“So, while AI redefines the systems of business engagement, blockchain is recalibrating the systems of record. Together, they will remap organisational boundaries, moving them from siloed verticals with complex processes to operate efficiently across horizontals, and, in the process, releasing large amounts of currently trapped value.
“Together, AI and blockchain will enable organisations to exceed their current boundaries and gain access to significant amounts of trapped value,” concludes Accenture.
Gartner: Leaders Lack Skilled Smart Manufacturing Workers
With organisations rapidly adopting industry 4.0 capabilities to increase productivity, efficiency, transparency, and quality as well as reduce cost, manufacturers “are under pressure to bring their workforce into the 21st century,” says Gartner.
While more connected factory workers are leveraging digital tools and data management techniques to improve decision accuracy, increase knowledge and lessen variability, 57% of manufacturing leaders feel that their organisations lack the skilled workers needed to support their smart manufacturing digitalisation plans.
“Our survey revealed that manufacturers are currently going through a difficult phase in their digitisation journey toward smart manufacturing,” said Simon Jacobson, Vice President analyst, Gartner Supply Chain practice.
“They accept that changing from a break-fix mentality and culture to a data-driven workforce is a must. However, intuition, efficiency and engagement cannot be sacrificed. New workers might be tech-savvy but lack access to best practices and know-how — and tenured workers might have the knowledge, but not the digital skills. A truly connected factory worker in a smart manufacturing environment needs both.”
Surveying 439 respondents from North America, Western Europe and APAC, Gartner found that “organisational complexity, integration and process reengineering are the most prevalent challenges for executing smart manufacturing initiatives.” Combined they represent “the largest change management obstacle [for manufacturers],” adds Gartner.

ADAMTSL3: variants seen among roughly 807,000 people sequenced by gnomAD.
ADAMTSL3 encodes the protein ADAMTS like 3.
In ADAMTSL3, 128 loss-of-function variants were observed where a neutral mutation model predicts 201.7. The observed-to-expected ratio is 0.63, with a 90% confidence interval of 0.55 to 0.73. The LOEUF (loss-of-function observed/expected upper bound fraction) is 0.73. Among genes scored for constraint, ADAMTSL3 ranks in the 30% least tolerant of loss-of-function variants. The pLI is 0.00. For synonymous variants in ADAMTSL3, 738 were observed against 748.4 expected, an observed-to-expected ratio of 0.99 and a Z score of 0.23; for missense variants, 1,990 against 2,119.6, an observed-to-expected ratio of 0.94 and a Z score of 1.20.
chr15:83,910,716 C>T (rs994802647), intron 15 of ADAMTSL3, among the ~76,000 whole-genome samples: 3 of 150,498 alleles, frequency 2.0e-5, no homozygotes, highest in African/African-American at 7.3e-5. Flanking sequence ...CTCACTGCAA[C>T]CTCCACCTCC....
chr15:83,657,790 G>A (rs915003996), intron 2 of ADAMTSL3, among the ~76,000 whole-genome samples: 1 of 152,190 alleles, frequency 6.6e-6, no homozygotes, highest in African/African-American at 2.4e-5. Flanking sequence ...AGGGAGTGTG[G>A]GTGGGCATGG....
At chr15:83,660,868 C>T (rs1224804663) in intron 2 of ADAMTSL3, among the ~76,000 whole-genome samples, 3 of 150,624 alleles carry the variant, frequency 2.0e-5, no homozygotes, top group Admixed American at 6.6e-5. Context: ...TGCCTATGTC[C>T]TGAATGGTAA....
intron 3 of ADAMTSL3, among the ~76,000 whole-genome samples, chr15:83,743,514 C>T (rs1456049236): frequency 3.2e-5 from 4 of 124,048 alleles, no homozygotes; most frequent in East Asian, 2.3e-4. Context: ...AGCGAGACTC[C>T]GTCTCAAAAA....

“It’s interesting to see that leadership commitment is frequently cited as not being a challenge. Across all respondents, 83% agree that their leadership understands and accepts the need to invest in smart manufacturing. However, it does not reflect whether or not the majority of leaders understand the magnitude of change in front of them – regarding technology, as well as talent,” added Jacobson.
Technology and People
While the value and opportunities smart manufacturing can provide an organisation is being recognised, introducing technology alone isn’t enough. Gartner emphasises the importance of evolving factory workers alongside the technology, ensuring that they are on board in order for the change to be successful.
“The most immediate action is for organisations to realize that this is more than digitisation. It requires synchronising activities for capability building, capability enablement and empowering people. Taking a ‘how to improve a day in the life’ approach will increase engagement, continuous learning and ultimately foster a pull-based approach that will attract tenured workers. They are the best points of contact to identify the best starting points for automation and the required data and digital tools for better decision-making,” said Jacobson.
Long term, “it is important to establish a data-driven culture in manufacturing operations that is rooted in governance and training - without stifling employee creativity and ingenuity,” concluded Gartner.